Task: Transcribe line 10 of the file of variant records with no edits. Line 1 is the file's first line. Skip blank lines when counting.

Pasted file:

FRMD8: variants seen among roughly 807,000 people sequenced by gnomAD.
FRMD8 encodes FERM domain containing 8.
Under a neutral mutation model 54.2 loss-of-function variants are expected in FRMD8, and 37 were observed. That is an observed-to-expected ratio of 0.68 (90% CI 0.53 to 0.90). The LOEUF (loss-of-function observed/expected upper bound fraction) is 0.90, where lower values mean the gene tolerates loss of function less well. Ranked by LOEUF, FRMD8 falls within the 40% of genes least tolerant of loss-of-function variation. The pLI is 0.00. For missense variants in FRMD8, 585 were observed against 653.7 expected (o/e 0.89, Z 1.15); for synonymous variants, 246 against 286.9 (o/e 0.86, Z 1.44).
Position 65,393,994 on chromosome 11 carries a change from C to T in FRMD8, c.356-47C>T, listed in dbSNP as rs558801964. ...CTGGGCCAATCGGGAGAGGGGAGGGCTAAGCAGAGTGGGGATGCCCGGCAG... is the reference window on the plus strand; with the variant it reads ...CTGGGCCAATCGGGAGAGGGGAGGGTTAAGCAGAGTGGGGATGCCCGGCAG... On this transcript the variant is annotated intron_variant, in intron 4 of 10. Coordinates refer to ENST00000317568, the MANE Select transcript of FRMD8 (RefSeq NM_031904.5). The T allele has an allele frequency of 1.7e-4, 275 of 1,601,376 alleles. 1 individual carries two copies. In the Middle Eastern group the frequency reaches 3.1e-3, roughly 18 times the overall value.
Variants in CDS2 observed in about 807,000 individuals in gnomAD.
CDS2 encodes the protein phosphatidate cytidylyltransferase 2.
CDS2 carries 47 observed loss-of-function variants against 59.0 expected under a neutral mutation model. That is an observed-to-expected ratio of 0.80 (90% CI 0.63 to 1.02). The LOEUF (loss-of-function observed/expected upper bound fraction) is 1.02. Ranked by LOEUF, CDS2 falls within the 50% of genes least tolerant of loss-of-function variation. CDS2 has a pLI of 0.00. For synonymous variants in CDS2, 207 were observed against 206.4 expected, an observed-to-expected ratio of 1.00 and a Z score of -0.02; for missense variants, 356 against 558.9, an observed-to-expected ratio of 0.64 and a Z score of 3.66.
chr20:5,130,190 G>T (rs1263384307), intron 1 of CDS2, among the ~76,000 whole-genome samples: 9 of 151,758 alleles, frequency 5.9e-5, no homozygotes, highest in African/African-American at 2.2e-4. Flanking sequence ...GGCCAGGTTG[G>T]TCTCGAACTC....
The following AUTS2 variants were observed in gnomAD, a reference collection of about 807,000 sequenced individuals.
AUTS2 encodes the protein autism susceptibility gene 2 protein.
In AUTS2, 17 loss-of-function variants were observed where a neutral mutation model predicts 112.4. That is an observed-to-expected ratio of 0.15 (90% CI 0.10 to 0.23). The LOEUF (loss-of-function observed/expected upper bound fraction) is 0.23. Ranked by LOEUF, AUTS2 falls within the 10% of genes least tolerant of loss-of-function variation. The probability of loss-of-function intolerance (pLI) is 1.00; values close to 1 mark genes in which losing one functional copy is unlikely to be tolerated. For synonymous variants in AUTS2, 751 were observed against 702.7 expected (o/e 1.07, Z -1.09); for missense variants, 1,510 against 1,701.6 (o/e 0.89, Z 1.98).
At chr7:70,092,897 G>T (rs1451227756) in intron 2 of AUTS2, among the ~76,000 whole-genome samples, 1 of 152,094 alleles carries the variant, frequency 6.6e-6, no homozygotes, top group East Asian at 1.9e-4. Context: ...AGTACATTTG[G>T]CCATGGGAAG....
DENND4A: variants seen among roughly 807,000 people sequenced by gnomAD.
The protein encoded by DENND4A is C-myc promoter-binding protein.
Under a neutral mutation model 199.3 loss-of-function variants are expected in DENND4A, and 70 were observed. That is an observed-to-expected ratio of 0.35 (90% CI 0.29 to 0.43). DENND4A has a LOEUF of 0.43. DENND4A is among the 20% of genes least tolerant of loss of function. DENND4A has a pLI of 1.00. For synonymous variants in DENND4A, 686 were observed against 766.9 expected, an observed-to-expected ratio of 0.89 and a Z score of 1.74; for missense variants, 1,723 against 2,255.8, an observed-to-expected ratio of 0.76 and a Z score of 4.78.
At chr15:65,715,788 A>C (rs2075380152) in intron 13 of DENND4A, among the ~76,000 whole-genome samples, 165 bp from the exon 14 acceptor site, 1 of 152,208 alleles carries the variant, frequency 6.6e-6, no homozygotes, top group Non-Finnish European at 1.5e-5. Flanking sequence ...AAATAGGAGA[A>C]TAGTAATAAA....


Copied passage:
AUTS2 encodes the protein autism susceptibility gene 2 protein.